But, being good son, I did my chores like countless other kids. I grumbled, but mowed.

The worst time in my lawn mowing experience came one summer when I took a job mowing lawns for the Columbia Public School System. Most of my crew was made up of kids I went to high school with or my then current classmates at Mizzou. By the end of the summer, our lawn crew had accomplished the following:

  • wrecked two ½ ton pick trucks
  • destroyed one riding lawn mower (somehow it ran through the front doors of Frederick Douglas School)
  • decapitated one push mower with an out of control riding lawnmower
  • Destroyed too many flower beds and other ornamental plants to recall

For the of rest my life, I have hated the notion of “mowing the lawn” and all its associated activities. I have nightmares and flashbacks from that summer. I’m sure I could benefit from counseling.

Now, decades later, I find I might, at last be able to enjoy mowing the lawn again.

Last weekend, during a brief hiatus from the two month-long drizzle season we call Spring here in Northern Kentucky, my fifteen year old rusted out, broken down, piece of junk lawn mower finally died. The pull-cord snapped one final time; there was simply not enough cord left for yet another square knot to reconnect the cord to the lawn mower.

Reluctantly, I began looking online at lawnmowers at Lowe’s and Home Depot. It was all very depressing. I hate spending money on things that aren’t fun. Then, I saw something intriguing; electric lawnmowers.

All the electric lawn mowers I’d seen in the past were useless. Their fifty foot cords and underpowered motors were a certain recipe for frustration and aggravation. Plus, they just weren’t manly! People would make fun of me I was sure. The only people who used these things were nerds with yards smaller than the average welcome mat.

But, looking online I found something new and different. Electric lawn mowers that were cordless. Lawn mowers that used batteries.

Wow! That’s what I call liberating! No trips to the gas station, so filing the spark plug, no squirting starter fluid into the cylinder, no more cleaning air filters and no more guessing if the damn thing needed oil or not.

But, I was skeptical. How long would the thing run between charges? How much power did it have? Could it handle the jungle of broadleaf weeds that passes for a lawn at my home?

I decided I had nothing to lose, pick one, read the reviews and if no one is hating on that model, buy it.

I selected a model from Greenworks. This mower has a 19” cutting swath and it is powered by a 40 volt Lithium-Ion battery. (Just like the 787!) This particular model comes with two separate battery packs and a charging station. This is important because you can store the lawn mower any where you want and keep the batteries and charging station inside your home.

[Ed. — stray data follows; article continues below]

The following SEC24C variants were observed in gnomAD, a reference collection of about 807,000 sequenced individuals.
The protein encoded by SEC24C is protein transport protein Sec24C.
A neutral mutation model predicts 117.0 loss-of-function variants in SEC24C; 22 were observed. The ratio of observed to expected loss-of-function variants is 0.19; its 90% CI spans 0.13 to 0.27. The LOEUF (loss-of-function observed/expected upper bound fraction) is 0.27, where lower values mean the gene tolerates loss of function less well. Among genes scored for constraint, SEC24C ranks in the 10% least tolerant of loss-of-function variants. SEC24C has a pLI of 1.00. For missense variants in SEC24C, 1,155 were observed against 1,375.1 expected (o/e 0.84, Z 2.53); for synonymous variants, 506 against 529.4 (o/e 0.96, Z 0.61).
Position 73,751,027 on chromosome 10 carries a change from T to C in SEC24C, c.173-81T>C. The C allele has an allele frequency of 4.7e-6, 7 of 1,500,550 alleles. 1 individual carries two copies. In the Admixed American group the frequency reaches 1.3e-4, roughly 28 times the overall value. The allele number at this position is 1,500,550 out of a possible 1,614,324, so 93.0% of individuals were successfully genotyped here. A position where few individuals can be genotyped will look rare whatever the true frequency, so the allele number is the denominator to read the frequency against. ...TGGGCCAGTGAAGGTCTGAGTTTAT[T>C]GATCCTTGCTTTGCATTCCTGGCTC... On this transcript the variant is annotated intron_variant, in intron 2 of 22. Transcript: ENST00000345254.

Greenworks Electric Lawn Mower

Greenworks Cordless Electric Lawn Mower

My lawn mower was delivered on Sunday by Lowe’s and unfortunately the drizzle had started again, so mowing was not going to happen that weekend. I opened up the box and assembled the mower per the instructions included in the box. This took no more than twenty minutes tops.

Next, I set up the charger and placed one of the two included battery packs in the charging cradle. Within one hour, the battery pack was ready to go.

Monday was a total wash out, so I came home from work and watched the grass grow even higher.

Tuesday brought a partly cloudy afternoon, so by the time I got home, the grass was still pretty damp, but I figured if I didn’t mow now, I would need a tractor and Bush-hog.

I rolled the mower out the front door, inserted the battery pack, inserted the safety key and turned the big bright green machine on. What a wonderful surprise, the mower powered right up and I started mowing. After about thirty minutes, I was done.

Greenworks 40V 19" Mower

Greenworks 40V 19″ Mower

The lawnmower was fantastic! It effortlessly handled the 10” tall grass and clover. It was every bit as good as any gasoline powered mower. The first battery pack was still going strong when I finished. So my fear of not being able to complete the job without a re-charge was totally unjustified.

As a push around mower the Greenworks has the added advantage of being on the light weight side compared to gasoline powered machines. But, I would add that the mower is heavy enough to not bounce over rough ground. It keeps the mower at the proper mowing height. But, it is also light weight enough to push and pull with one hand.

The height adjustment is very easy to use. A single lever adjusts the height of the whole mower. You do not have to mess with raising a lowering each wheel be itself.